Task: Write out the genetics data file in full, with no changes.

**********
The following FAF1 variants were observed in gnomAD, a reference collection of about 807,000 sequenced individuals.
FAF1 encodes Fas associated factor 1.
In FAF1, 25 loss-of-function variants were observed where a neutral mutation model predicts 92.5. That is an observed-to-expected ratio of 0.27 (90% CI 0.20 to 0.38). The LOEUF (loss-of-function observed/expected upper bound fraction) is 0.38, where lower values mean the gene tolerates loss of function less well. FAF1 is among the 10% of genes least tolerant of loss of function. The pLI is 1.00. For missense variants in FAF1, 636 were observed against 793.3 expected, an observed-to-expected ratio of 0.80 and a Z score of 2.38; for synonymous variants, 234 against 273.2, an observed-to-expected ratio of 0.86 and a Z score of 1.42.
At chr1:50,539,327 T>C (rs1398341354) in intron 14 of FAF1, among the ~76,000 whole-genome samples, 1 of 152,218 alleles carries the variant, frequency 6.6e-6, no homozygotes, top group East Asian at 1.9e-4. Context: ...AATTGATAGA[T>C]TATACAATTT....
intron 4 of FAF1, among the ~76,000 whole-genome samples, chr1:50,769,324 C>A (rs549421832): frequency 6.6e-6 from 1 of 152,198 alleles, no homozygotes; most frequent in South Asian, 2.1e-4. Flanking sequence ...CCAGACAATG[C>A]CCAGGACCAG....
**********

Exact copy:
The following FAF1 variants were observed in gnomAD, a reference collection of about 807,000 sequenced individuals.
FAF1 encodes Fas associated factor 1.
In FAF1, 25 loss-of-function variants were observed where a neutral mutation model predicts 92.5. That is an observed-to-expected ratio of 0.27 (90% CI 0.20 to 0.38). The LOEUF (loss-of-function observed/expected upper bound fraction) is 0.38, where lower values mean the gene tolerates loss of function less well. FAF1 is among the 10% of genes least tolerant of loss of function. The pLI is 1.00. For missense variants in FAF1, 636 were observed against 793.3 expected, an observed-to-expected ratio of 0.80 and a Z score of 2.38; for synonymous variants, 234 against 273.2, an observed-to-expected ratio of 0.86 and a Z score of 1.42.
At chr1:50,539,327 T>C (rs1398341354) in intron 14 of FAF1, among the ~76,000 whole-genome samples, 1 of 152,218 alleles carries the variant, frequency 6.6e-6, no homozygotes, top group East Asian at 1.9e-4. Context: ...AATTGATAGA[T>C]TATACAATTT....
intron 4 of FAF1, among the ~76,000 whole-genome samples, chr1:50,769,324 C>A (rs549421832): frequency 6.6e-6 from 1 of 152,198 alleles, no homozygotes; most frequent in South Asian, 2.1e-4. Flanking sequence ...CCAGACAATG[C>A]CCAGGACCAG....